Arnold Kling recently made the following claim:
I would add myself to the list of economists who have some ‘splainin’ to do. I am always willing to be counted among those who doubt the Fed’s power over interest rates, especially long-term real rates. By the way, Scott Sumner used to say that a rise in long-term interest rates could be a bullish indicator. Would he say that now? UPDATE: No.
The correlation between nominal interest rates and NGDP (or RGDP) growth is overwhelming positive. Nothing that happened this week contradicts that. Indeed nothing that happened this week contradicts what I’ve been saying for the past 4 1/2 years:
1. Never reason from a price change.
2. Interest rates are a lousy indicator of the stance of monetary policy, because they reflect both liquidity effects and longer term effects.
I’ve made these points dozens of times.
As far as “bullish indicator,” suppose you were allowed one quick look into a crystal ball, at the level of interest rates in 2016. You are told ahead of time that the yield on Treasuries will be either 2% or 5% in 2016. If you are Paul Krugman, and are rooting for a strong recovery, which is the number you hope to see?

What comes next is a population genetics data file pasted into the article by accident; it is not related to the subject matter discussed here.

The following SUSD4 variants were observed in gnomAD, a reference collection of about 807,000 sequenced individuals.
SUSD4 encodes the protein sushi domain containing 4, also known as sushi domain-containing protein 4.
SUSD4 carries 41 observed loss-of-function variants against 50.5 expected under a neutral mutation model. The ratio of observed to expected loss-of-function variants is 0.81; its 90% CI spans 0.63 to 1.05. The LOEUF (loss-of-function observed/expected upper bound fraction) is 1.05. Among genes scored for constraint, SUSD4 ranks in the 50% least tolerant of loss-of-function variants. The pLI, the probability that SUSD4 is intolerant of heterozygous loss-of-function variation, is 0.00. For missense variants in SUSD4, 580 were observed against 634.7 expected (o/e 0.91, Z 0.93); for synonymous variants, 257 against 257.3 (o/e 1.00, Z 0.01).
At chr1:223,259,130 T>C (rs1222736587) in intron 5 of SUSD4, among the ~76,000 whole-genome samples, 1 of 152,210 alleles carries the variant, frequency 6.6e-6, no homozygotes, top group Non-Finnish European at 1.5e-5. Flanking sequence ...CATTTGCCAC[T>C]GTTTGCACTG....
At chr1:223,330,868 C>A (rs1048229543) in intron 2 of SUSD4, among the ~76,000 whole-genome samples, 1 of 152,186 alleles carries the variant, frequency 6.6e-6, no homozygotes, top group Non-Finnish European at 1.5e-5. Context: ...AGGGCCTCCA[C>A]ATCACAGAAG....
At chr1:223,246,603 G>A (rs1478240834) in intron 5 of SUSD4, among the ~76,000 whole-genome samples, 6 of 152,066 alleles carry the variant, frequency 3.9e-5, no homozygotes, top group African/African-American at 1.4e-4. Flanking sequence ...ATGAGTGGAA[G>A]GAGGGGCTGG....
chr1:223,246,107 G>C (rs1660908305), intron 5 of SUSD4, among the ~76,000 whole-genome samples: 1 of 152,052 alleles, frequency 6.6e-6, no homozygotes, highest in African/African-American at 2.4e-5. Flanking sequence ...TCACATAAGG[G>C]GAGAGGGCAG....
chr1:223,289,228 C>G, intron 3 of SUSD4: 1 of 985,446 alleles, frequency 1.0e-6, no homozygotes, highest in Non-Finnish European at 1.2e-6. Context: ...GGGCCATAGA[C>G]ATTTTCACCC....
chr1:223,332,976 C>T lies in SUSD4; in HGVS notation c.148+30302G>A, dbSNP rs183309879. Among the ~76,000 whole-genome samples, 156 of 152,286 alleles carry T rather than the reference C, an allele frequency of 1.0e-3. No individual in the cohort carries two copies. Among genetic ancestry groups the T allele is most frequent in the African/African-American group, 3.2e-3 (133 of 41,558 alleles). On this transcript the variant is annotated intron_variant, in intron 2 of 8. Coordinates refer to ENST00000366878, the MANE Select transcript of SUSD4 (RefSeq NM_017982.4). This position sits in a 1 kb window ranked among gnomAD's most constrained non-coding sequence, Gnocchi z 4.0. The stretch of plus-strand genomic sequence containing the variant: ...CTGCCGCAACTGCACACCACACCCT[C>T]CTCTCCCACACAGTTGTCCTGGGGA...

I hope I don’t even need to answer that question. And nothing that has happened this week in any way changes the answer.
So what have we learned this week? To me this is one data point, indicating tight money is slightly more likely to raise long term rates than I had previously assumed. But there is still the enormous stock of previous long term rate changes in response to previous Fed moves. Previous data points. January 2001, September 2007, December 2007, etc., etc. Should we suddenly throw all those observations away?
PS. The fact that Krugman, Cowen, Kling, myself and many others were surprised by the surge in rates over the past few weeks actually speaks well of our understanding of macro. It shows that we’ve been paying attention, that rates don’t usually behave this way. As for those who “got it right,” you have some “splaining to do” about the surging yields in Japan in response to more QE.
The best solution is to remove interest rates from macro, and focus on the three variables that matter; NGDP, nominal wages, and hours worked.
PS. Unlike Kling, I think the central bank has enormous influence over long term rates, but mostly via the income and inflation effects.